enunciate (v.) Look up enunciate at Dictionary.com
1620s, "declare, express," from Latin enuntiatus, past participle of enuntiare "speak out, say, express, assert; divulge, disclose, reveal, betray," from ex- "out" (see ex-) + nuntiare "to announce" (see nuncio). Or perhaps a back-formation from enunciation. Meaning "to articulate, pronounce" is from 1759. Related: Enunciated; enunciating.
enunciation (n.) Look up enunciation at Dictionary.com
1550s, "declaration," from Latin enuntiationem (nominative enuntiatio) "enunciation, declaration," noun of action from past participle stem of enuntiare (see enunciate). Meaning "articulation of words" is from 1750.
enunciative (adj.) Look up enunciative at Dictionary.com
1530s, from Latin enuntiativus, from enuntiare (see enunciate).
enuresis (n.) Look up enuresis at Dictionary.com
1800, medical Latin, from Greek enourein "to urinate in," from en "in" (see en- (2)) + ourein "to urinate," from ouron (see urine).
envelop (v.) Look up envelop at Dictionary.com
late 14c., envolupen, "be involved in," from Old French envoleper (10c., Modern French envelopper) "envelop, cover; fold up," from en- "in" (see en- (1)) + voloper "wrap up," of uncertain origin, perhaps Celtic (see Gamillscheg, Diez). Literal sense is from 1580s. Related: Enveloped; enveloping.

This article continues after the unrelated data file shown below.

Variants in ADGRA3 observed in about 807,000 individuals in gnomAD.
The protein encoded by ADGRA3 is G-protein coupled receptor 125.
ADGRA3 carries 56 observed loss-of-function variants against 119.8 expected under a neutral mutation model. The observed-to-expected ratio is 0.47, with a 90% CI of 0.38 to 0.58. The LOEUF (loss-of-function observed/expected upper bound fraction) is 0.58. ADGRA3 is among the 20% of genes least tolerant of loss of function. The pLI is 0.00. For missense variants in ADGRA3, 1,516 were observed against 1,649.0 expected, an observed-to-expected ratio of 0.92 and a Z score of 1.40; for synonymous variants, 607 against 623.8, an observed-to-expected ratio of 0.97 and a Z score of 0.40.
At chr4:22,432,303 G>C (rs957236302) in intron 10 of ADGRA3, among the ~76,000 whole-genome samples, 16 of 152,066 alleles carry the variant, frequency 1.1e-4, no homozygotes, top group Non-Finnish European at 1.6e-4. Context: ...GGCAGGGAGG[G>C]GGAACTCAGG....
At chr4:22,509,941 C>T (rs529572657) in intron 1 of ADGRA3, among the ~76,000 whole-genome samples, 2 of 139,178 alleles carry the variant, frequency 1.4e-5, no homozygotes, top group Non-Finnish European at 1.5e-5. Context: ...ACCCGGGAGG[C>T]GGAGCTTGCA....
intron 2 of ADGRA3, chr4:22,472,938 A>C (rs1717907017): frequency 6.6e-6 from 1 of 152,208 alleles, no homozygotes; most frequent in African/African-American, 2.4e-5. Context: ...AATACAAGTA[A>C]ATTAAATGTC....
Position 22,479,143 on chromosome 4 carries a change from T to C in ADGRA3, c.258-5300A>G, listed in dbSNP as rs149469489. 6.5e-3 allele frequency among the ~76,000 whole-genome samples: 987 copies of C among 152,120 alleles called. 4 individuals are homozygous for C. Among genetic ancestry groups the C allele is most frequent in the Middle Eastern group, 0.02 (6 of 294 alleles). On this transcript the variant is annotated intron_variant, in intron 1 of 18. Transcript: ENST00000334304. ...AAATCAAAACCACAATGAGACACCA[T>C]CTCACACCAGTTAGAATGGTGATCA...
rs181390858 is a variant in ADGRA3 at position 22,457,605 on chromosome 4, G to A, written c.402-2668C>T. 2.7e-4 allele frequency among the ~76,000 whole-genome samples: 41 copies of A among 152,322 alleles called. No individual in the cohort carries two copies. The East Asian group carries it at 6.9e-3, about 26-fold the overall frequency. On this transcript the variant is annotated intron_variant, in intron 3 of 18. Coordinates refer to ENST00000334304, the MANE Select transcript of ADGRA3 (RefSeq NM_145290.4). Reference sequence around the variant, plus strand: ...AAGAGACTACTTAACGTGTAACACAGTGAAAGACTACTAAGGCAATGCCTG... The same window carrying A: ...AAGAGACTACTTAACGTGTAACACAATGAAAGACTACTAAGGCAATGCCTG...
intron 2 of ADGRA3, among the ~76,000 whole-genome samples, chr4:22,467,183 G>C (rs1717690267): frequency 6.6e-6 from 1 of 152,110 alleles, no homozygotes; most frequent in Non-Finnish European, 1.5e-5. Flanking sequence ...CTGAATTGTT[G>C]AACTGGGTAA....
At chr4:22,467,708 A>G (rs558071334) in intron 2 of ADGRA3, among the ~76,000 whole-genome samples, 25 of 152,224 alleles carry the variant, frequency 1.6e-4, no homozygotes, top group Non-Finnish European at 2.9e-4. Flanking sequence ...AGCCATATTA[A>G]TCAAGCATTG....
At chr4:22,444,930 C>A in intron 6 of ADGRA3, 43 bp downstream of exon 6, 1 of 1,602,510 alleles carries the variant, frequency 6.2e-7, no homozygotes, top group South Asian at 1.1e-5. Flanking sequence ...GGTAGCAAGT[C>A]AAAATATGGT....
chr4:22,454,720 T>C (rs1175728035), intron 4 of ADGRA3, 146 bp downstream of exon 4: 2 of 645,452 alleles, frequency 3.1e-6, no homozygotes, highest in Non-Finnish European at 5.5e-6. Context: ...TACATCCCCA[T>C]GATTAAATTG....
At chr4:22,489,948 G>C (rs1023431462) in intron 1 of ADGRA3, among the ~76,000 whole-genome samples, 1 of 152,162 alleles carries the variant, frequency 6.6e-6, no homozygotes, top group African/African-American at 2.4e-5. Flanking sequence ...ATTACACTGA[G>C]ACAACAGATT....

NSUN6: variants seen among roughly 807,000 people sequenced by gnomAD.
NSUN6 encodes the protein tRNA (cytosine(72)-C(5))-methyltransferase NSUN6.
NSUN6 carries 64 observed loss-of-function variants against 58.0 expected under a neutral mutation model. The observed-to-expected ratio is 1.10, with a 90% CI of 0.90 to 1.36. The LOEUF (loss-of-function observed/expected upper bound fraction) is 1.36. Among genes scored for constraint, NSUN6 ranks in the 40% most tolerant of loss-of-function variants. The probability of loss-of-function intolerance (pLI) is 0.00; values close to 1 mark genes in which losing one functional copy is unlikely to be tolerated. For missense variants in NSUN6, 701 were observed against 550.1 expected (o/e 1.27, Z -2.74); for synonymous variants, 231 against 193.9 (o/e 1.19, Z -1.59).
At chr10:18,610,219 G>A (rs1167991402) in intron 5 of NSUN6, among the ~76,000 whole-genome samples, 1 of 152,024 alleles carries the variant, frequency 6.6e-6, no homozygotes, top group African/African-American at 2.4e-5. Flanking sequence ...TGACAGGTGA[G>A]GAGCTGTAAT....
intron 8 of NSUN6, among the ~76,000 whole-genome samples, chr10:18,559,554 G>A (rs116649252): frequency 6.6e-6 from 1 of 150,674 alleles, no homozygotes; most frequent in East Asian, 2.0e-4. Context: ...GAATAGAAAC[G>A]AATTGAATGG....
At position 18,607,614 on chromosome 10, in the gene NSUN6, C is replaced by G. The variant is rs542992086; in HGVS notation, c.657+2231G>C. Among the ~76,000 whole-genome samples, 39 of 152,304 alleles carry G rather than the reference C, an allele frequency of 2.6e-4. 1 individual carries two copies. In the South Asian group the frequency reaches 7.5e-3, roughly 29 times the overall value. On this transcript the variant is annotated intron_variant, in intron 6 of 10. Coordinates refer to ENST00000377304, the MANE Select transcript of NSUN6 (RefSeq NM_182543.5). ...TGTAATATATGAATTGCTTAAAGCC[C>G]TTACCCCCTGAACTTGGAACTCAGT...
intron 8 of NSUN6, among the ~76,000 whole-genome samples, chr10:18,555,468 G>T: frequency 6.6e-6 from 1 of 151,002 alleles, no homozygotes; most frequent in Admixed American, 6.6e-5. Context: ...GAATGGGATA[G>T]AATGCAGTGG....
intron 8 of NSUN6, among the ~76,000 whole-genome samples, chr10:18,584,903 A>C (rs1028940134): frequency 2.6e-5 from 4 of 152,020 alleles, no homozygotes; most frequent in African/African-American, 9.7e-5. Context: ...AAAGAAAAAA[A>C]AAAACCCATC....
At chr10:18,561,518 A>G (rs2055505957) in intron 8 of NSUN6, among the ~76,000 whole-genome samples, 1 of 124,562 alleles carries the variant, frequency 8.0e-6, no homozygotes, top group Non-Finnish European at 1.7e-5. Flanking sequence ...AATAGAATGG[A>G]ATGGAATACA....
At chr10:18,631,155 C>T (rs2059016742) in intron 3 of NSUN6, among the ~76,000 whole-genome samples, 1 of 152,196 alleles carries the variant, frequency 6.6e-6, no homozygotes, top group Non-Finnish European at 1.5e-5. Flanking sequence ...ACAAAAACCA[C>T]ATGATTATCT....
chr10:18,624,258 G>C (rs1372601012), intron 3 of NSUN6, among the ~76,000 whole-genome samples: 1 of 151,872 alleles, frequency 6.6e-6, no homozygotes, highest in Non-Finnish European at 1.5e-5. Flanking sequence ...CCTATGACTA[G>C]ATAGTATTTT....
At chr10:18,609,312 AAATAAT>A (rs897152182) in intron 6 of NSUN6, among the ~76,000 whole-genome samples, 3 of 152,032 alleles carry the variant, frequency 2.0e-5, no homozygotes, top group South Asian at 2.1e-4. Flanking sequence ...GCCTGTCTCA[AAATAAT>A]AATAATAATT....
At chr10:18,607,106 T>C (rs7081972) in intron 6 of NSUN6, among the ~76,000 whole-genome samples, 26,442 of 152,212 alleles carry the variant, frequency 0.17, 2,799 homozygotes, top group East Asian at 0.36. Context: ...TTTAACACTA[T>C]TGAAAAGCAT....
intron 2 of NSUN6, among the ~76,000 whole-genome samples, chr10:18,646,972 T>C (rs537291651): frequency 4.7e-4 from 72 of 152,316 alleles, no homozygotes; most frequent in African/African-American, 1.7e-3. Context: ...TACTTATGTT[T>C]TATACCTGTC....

envelope (n.) Look up envelope at Dictionary.com
1705, from French enveloppe (13c.), a back-formation from envelopper "to envelop" (see envelop).
envelopment (n.) Look up envelopment at Dictionary.com
1763, from envelop (v.) + -ment.
envenom (v.) Look up envenom at Dictionary.com
c.1300, envenymen, from Old French envenimer (12c.) "to poison, taint;" from en- (see en- (1)) + venim (see venom). Figurative use is from late 14c. Related: Envenomed; envenoming.
enviable (adj.) Look up enviable at Dictionary.com
c.1600, from envy + -able. Related: Enviably.
envious (adj.) Look up envious at Dictionary.com
c.1300, from Anglo-French envious, Old French envieus (13c.), earlier envidius (12c., Modern French envieux), from Latin invidiosus "full of envy" (source of Spanish envidioso, Italian invidioso, Portuguese invejoso), from invidia (see envy). Related: Enviously; enviousness.
environ (v.) Look up environ at Dictionary.com
late 14c. (implied in environing), "to surround," from Old French environer "to surround, enclose, encircle," from environ "round about," from en- "in" (see en- (1)) + viron "circle, circuit," from virer "to turn" (see veer). Related: Environed.